Standing at the window for best signal and over a crackling phone line, Daniel Davies chats about his latest play, The Domestic Extremists. The play follows the journey of Chloe, Toby and Christopher as they create a film documentary reporting on the actions of the student protests. Davies gives an inside look to the media, the tough decisions they have to make and police surveillance.

Davies kept up to date with the actions of students during the heightened tensions of 2010. He explained that he noticed that there were more demonstrations than was actually covered by the news. “It really hit me what doesn’t get shown.” From working as a TV producer and a commissioner, Davies used what he already knew in terms of the challenges that can be involved in working in the media. He read Managing Democracy, Managing Decent which gave him further insight to Government surveillance and cover-ups. It was revealed that the police started demonstration squads to bring activists or “domestic extremists” to a halt. During a demonstration police will film the crowd and if they notice recurring faces, they have the power to arrest them. “I didn’t want to write a play about student protest.” Davies emphasises. He explains that he wants the audience to question whether they are making the correct decision by just reading or watching one source of documentation when there are so many different incidents occurring. With all of these factors, the play took form during the Script Development Programme at the Space Theatre between January and June 2014.


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The topical themes and controversial issues that are raised throughout the play are catalysts for discussion. There are post show discussions which carry this on as journalists and student activists are invited to speak. Davies has found the audience’s reactions to be highly positive as Domestic Extremists has been reviewed as very entertaining. Yet, Davies humbly admits that if someone was to say that they did not agree to the reviews, he would accept it as it would start a conversation and “at least people are talking about it.”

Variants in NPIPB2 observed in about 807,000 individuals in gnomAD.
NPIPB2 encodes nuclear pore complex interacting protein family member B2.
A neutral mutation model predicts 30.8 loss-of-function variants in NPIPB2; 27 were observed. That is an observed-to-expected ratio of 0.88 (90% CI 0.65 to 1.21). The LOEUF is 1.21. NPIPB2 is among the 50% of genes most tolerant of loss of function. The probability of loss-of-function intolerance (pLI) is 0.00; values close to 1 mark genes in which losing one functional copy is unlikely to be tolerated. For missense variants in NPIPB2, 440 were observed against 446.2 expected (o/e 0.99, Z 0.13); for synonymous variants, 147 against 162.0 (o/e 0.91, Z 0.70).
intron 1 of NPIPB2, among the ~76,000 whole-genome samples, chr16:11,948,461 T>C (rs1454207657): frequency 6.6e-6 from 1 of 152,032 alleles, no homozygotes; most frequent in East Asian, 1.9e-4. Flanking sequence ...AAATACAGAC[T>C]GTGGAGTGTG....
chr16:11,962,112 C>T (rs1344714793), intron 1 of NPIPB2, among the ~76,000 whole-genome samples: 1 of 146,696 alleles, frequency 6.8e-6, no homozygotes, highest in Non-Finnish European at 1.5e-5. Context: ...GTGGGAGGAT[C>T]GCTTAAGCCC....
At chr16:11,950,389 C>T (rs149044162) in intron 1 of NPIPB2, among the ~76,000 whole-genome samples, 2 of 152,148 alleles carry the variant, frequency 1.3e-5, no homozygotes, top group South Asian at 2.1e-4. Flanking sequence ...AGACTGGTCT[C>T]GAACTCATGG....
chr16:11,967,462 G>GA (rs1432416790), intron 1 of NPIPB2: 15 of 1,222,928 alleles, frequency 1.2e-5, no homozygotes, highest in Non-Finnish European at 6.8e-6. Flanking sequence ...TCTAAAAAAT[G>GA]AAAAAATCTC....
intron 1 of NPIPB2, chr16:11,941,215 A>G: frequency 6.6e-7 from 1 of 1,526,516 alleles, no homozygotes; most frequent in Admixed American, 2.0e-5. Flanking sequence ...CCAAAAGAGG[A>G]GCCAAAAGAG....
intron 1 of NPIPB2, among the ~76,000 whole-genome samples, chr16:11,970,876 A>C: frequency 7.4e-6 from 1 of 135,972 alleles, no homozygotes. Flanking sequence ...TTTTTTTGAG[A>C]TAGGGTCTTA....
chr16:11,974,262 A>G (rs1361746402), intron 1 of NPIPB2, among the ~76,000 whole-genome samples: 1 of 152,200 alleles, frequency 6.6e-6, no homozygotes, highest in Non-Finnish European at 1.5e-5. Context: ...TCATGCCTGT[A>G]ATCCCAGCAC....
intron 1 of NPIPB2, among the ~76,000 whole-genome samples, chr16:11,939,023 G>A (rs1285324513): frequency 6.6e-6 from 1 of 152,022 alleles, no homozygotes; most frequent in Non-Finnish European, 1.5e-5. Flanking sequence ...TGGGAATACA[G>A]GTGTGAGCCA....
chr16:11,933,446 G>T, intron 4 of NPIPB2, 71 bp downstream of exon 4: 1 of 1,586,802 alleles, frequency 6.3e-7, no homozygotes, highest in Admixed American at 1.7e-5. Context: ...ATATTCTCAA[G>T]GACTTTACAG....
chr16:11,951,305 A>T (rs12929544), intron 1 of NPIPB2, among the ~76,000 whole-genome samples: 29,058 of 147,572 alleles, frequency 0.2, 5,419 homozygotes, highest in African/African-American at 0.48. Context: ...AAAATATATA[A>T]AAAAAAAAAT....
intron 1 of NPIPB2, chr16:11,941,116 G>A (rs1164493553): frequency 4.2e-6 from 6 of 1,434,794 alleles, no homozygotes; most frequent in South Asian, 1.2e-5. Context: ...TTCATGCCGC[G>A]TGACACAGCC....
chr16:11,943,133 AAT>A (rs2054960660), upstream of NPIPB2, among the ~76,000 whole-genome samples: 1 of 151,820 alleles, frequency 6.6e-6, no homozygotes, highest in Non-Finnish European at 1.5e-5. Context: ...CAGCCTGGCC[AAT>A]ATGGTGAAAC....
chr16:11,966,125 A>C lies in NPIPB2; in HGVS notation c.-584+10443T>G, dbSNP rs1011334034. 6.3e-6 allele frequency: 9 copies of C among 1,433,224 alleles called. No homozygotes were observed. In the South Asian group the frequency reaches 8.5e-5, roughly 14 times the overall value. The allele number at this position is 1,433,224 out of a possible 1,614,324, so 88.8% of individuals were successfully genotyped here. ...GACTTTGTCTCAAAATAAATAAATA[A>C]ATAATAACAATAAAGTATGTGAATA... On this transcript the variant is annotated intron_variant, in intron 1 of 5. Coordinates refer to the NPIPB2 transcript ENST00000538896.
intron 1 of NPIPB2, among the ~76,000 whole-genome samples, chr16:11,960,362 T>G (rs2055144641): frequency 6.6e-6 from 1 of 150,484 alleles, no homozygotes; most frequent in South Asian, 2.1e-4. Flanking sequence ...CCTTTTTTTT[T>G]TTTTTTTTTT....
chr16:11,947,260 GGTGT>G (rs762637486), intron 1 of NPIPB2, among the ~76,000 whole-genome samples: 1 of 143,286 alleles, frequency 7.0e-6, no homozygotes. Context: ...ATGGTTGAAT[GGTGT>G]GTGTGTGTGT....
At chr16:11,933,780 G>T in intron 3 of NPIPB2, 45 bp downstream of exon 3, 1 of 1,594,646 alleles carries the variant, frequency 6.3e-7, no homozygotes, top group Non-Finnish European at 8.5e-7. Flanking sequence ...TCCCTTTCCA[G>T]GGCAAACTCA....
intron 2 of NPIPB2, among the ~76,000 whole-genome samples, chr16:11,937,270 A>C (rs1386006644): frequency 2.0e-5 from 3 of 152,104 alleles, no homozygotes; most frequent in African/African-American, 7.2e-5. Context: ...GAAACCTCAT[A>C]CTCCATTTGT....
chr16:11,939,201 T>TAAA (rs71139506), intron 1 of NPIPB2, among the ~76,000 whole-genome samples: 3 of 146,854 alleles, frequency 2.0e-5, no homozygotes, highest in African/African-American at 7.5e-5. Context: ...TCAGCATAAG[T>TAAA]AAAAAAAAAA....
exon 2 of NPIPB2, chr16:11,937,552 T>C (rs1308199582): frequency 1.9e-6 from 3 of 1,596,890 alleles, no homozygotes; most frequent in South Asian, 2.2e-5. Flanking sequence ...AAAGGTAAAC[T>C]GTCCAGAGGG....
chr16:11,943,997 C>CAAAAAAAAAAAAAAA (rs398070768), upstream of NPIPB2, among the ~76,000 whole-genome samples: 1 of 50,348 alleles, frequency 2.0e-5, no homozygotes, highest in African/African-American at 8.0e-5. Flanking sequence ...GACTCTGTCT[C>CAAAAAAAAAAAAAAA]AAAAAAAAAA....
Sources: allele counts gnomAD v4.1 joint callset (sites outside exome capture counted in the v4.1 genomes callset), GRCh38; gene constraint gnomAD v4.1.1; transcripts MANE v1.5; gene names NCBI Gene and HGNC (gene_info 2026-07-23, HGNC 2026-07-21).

Davies continues to explain the richness of reactions in front of a live performance. “You don’t get that on TV.” The play contains shocking scenes and shocking things said which makes members of the audience gasp as the plot unravels in front of their lives. It is important for Davies to have students and journalists as part of the audience and interestingly, Davies notes that an audience member who worked in media praised him for The Domestic Extremists and expressed that he wanted a play like this for a long time. As someone who works within the media, as a TV producer, Davies emphasises the work that producers, directors and reporters do. The Domestic Extremists illustrates the process of making a documentary and the challenges that can occur. Davies explains that there are three steps when creating a shot; write it, shoot it and then edit it. The final outcome is usually very different from the idea that the director or writer initially had and this is what is highlighted in the play. Chloe has the initial idea but her journey leads her to choose between idealism and reality.

It was reported that six journalists discovered that the Metropolitan Police had been monitoring their movements on a secret database. Davies explained that he believes that this happens a lot and one of the journalists involved joined him for a post-show discussion. This leads him to question whether these incidents aren’t getting the coverage due to it not being as entertaining, or is it down to more serious matters, possibly a cover up. This prompts Davies to refer back to an incident which he was involved in. Schools in his local area were being turned into Academies. He explained there was a lot of resistance but absolutely no coverage from the media to give them a strong enough fight. The Domestic Extremists touches on this issue as Christopher fights with the commissioner to get his footage of the demonstrations screened.

Ideally Davies would like The Domestic Extremists to tour though student towns and cities. He admits that “It would be lovely if it could transfer.” With many topical issues and a widely entertaining script, it sounds hopeful that The Domestic Extremists will be very successful and keep people talking.

The Domestic Extremists is on at The Space 10-28 February. Find out more information here.